Flexible working is open to all employees, for instance, a recent recruit is a graduate who lives in Kent who works flexi hours and is looking to work one day from home to avoid rush-hour traffic.

Mathew admits managing a flexible team can be hard work. “We look at every employee as an individual and do our best to ensure there is no resentment,” he says.

“It’s about creating an environment which makes people want to come to work, but we are clear that there has to be give and take on both sides.” That doesn’t mean working lots of overtime.  It has to be fair, says Mathew.

Technology plays a key role in enabling the company’s flexibility. Many of Cuttsy and Cuttsy’s clients are major pharmaceutical companies and security is very important, which has made working in the cloud difficult, but in the last two years technology has moved on and Cuttsy and Cuttsy has invested heavily in it. Now it is much easier for team members to work easily from anywhere.

Staff development

The company also places a big emphasis on staff development and achieved Gold accreditation in continuous professional development within its first year of being a member of the Institute of Practitioners in Advertising, their sector’s professional trade body.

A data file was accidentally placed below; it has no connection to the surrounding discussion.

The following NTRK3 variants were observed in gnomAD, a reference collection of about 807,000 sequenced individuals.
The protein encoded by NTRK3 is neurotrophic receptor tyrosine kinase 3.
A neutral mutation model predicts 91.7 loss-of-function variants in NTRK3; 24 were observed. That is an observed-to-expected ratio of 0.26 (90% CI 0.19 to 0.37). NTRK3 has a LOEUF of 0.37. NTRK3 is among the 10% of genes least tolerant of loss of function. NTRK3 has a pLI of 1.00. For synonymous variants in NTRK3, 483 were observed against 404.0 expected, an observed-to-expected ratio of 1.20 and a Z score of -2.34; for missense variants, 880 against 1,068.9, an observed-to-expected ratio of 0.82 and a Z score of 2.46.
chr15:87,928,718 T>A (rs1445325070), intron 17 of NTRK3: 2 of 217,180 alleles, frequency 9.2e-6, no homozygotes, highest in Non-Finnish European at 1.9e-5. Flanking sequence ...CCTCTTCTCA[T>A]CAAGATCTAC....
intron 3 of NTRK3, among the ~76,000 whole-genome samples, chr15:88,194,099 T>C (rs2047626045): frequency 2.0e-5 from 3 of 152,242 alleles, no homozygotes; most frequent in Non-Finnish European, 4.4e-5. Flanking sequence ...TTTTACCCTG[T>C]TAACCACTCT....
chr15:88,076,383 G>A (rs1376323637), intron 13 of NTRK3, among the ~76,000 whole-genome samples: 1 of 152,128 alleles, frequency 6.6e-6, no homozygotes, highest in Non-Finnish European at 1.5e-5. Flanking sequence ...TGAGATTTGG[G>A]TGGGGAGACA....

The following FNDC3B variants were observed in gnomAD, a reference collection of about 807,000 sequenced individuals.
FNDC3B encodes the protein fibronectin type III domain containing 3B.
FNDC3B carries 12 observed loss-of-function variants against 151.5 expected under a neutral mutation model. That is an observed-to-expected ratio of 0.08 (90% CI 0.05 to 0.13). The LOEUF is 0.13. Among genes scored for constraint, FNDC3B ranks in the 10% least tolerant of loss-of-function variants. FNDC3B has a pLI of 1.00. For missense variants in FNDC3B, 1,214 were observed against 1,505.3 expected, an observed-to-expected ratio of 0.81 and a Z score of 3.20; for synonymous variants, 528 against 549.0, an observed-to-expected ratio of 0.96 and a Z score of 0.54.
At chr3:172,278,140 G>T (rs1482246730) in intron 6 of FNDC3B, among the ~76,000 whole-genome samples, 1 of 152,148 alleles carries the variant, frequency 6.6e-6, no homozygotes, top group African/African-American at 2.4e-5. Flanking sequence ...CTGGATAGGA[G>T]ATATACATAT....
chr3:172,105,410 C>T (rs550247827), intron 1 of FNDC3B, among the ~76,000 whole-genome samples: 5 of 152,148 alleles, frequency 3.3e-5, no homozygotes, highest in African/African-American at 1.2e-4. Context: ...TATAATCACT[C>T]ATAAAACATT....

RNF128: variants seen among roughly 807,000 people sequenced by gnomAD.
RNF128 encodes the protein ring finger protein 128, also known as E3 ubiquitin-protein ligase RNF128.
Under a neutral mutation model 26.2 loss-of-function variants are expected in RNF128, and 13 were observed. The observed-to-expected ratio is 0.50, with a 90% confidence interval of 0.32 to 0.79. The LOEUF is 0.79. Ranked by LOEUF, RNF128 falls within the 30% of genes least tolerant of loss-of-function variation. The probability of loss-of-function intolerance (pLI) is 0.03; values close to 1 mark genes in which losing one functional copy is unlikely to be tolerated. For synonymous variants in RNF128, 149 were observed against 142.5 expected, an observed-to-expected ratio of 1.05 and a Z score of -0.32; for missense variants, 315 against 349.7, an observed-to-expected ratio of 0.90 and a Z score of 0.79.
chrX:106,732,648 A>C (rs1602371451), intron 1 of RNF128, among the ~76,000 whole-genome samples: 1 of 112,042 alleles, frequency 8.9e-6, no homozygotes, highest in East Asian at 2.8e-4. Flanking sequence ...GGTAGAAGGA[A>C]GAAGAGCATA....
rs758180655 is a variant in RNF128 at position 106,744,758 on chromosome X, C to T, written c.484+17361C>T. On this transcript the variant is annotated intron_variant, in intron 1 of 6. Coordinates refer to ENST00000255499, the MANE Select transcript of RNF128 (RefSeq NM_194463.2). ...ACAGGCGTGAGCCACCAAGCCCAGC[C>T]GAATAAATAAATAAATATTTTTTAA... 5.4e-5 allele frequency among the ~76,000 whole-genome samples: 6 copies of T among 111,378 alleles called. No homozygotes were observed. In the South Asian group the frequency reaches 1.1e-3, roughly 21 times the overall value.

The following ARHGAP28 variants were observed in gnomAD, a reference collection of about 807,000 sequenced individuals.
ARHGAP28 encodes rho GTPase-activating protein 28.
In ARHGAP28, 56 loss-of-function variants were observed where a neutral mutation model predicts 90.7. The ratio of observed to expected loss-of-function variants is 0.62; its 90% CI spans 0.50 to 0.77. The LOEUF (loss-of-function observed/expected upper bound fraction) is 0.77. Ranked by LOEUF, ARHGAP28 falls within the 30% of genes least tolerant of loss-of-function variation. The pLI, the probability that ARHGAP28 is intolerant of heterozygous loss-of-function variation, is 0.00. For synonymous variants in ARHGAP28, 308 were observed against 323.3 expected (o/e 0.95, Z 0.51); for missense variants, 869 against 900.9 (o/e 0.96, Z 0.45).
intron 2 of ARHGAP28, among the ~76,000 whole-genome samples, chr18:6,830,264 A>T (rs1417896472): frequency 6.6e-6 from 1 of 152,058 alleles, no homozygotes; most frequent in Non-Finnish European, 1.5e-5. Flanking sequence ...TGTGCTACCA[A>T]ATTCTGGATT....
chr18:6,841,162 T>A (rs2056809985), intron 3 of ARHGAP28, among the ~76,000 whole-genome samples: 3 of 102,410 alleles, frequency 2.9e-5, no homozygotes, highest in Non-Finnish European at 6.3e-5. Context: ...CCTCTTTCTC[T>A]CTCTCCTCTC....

Every member of staff gets a minimum of 24 hours training a year, regardless of what pattern of work they do, but most do more. Some junior members of staff have done 100 hours of training this year.

The company also emphasises the positive through its ‘Be Proud’ appraisal system. Line managers run monthly appraisals with each individual in their team to discuss key ‘proud moments’/achievements from the past month and set objectives for the coming month.

“We are keen to develop people’s skills and emphasise the positive. It is inbuilt in the culture of the business,” says Mathew.

“We are a service company and people and their skills are what our clients buy. We want to attract the best talent and the way we do it is through flexible working and professional development.”